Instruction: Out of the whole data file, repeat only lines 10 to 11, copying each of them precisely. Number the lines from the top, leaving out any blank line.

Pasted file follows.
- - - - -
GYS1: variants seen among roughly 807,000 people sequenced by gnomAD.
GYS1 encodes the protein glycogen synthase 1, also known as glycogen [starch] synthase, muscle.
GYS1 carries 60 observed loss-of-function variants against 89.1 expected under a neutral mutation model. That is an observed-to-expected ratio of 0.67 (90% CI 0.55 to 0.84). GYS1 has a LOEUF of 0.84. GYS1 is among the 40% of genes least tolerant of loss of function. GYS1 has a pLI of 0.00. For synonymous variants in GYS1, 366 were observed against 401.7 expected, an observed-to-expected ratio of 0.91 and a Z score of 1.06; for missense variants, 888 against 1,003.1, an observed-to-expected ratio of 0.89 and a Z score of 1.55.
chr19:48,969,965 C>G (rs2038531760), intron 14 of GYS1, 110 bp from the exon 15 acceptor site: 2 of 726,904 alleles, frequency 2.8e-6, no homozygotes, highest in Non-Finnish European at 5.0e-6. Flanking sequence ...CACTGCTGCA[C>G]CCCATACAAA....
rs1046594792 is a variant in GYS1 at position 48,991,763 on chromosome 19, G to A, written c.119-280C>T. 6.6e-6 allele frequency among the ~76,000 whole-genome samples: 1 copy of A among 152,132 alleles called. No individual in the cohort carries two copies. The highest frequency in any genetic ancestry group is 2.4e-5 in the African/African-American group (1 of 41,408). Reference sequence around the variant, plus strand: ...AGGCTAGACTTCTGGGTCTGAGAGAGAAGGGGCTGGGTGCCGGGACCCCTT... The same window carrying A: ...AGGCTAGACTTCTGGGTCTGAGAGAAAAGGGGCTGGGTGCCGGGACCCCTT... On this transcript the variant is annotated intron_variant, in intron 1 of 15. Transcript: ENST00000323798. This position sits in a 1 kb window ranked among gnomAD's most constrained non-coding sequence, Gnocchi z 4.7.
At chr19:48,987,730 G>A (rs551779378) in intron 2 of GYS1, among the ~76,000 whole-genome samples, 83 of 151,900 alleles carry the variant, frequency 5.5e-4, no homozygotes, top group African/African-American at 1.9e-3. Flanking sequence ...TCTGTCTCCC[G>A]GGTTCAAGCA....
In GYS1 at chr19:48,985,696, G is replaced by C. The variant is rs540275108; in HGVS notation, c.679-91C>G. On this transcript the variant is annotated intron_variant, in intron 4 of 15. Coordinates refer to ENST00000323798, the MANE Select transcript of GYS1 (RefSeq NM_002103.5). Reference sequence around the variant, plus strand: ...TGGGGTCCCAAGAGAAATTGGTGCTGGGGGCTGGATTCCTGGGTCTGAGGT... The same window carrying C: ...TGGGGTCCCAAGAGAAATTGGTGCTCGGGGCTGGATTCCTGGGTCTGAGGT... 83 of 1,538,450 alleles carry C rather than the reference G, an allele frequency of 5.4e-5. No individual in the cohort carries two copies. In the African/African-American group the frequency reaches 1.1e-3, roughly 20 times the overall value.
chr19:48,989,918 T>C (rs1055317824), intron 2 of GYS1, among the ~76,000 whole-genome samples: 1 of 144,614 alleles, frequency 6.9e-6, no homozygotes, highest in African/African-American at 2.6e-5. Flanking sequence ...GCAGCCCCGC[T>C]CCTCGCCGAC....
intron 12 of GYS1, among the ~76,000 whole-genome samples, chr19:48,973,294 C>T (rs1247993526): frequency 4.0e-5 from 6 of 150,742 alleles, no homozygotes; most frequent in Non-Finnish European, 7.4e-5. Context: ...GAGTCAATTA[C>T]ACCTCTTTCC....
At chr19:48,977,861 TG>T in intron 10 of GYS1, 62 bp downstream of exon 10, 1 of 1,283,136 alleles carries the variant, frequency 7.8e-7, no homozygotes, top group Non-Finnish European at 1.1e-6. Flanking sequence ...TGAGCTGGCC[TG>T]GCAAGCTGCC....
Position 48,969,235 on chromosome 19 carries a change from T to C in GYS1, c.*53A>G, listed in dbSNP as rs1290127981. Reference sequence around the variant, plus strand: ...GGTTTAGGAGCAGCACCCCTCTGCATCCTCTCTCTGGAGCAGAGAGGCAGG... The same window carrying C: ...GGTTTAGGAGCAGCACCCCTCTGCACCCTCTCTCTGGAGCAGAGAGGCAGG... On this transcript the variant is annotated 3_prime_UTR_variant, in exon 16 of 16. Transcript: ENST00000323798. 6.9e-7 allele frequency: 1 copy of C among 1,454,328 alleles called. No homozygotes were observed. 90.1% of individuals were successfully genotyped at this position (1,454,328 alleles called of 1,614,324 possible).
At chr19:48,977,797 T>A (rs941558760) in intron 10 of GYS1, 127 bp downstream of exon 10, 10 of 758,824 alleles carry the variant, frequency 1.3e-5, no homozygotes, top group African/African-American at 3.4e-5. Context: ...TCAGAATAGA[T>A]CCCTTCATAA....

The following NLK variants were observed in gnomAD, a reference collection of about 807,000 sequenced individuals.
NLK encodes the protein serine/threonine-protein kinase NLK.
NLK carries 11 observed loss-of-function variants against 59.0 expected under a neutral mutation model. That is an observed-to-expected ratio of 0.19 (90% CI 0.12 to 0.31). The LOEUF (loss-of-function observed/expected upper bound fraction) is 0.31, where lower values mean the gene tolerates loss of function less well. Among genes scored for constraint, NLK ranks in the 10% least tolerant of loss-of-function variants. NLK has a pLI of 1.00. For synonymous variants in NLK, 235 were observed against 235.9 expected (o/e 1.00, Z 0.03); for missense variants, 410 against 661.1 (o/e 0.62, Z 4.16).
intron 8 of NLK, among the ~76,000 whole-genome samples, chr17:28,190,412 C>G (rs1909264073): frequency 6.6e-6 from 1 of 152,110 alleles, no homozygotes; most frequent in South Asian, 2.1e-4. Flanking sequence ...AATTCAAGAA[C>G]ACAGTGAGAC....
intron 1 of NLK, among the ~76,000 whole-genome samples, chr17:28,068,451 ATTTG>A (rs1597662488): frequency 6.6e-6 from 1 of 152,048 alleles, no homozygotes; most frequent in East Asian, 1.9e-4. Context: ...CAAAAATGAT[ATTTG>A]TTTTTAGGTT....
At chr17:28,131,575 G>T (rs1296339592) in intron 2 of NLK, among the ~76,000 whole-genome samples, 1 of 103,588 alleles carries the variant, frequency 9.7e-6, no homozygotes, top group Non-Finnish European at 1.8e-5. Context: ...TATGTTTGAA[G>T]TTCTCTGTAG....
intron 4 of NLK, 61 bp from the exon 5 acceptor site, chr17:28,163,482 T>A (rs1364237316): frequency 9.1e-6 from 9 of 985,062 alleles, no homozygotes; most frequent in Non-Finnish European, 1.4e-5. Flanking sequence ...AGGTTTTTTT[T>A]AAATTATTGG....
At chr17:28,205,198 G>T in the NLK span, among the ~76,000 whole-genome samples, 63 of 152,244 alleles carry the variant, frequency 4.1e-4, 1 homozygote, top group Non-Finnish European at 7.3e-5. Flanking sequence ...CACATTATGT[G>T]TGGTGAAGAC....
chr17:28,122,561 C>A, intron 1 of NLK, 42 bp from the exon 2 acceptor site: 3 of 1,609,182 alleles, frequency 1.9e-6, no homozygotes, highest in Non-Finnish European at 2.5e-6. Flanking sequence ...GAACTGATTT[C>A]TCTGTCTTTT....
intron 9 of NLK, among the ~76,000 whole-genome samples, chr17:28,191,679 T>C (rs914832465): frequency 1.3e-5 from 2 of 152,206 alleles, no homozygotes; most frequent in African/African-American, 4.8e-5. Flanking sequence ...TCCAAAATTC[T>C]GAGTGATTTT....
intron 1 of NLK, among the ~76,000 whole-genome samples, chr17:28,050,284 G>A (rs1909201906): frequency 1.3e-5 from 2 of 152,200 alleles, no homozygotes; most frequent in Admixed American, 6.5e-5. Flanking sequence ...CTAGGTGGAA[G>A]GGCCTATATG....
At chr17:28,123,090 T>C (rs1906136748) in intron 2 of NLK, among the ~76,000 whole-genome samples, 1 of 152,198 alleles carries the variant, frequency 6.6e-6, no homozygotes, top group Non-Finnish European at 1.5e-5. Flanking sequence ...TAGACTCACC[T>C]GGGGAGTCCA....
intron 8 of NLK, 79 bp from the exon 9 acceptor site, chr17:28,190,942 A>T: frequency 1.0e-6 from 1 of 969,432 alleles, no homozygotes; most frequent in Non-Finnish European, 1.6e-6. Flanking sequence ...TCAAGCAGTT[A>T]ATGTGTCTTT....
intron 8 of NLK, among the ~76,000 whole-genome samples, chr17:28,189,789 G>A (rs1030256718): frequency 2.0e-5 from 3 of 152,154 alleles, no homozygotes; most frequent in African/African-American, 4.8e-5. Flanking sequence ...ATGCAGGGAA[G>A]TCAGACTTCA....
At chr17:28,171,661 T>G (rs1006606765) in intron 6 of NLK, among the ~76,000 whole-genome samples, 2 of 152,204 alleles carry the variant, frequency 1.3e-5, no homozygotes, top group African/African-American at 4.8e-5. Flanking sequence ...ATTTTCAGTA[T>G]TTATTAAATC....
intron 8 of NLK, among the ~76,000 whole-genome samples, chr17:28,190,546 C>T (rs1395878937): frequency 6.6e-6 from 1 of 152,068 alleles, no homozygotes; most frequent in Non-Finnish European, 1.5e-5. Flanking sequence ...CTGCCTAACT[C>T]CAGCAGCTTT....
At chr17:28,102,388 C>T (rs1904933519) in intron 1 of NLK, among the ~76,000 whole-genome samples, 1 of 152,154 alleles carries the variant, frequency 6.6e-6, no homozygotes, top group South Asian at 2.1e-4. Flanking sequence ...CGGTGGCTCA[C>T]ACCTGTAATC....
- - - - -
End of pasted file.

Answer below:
At chr19:48,977,861 TG>T in intron 10 of GYS1, 62 bp downstream of exon 10, 1 of 1,283,136 alleles carries the variant, frequency 7.8e-7, no homozygotes, top group Non-Finnish European at 1.1e-6. Flanking sequence ...TGAGCTGGCC[TG>T]GCAAGCTGCC....
Position 48,969,235 on chromosome 19 carries a change from T to C in GYS1, c.*53A>G, listed in dbSNP as rs1290127981. Reference sequence around the variant, plus strand: ...GGTTTAGGAGCAGCACCCCTCTGCATCCTCTCTCTGGAGCAGAGAGGCAGG... The same window carrying C: ...GGTTTAGGAGCAGCACCCCTCTGCACCCTCTCTCTGGAGCAGAGAGGCAGG... On this transcript the variant is annotated 3_prime_UTR_variant, in exon 16 of 16. Transcript: ENST00000323798. 6.9e-7 allele frequency: 1 copy of C among 1,454,328 alleles called. No homozygotes were observed. 90.1% of individuals were successfully genotyped at this position (1,454,328 alleles called of 1,614,324 possible).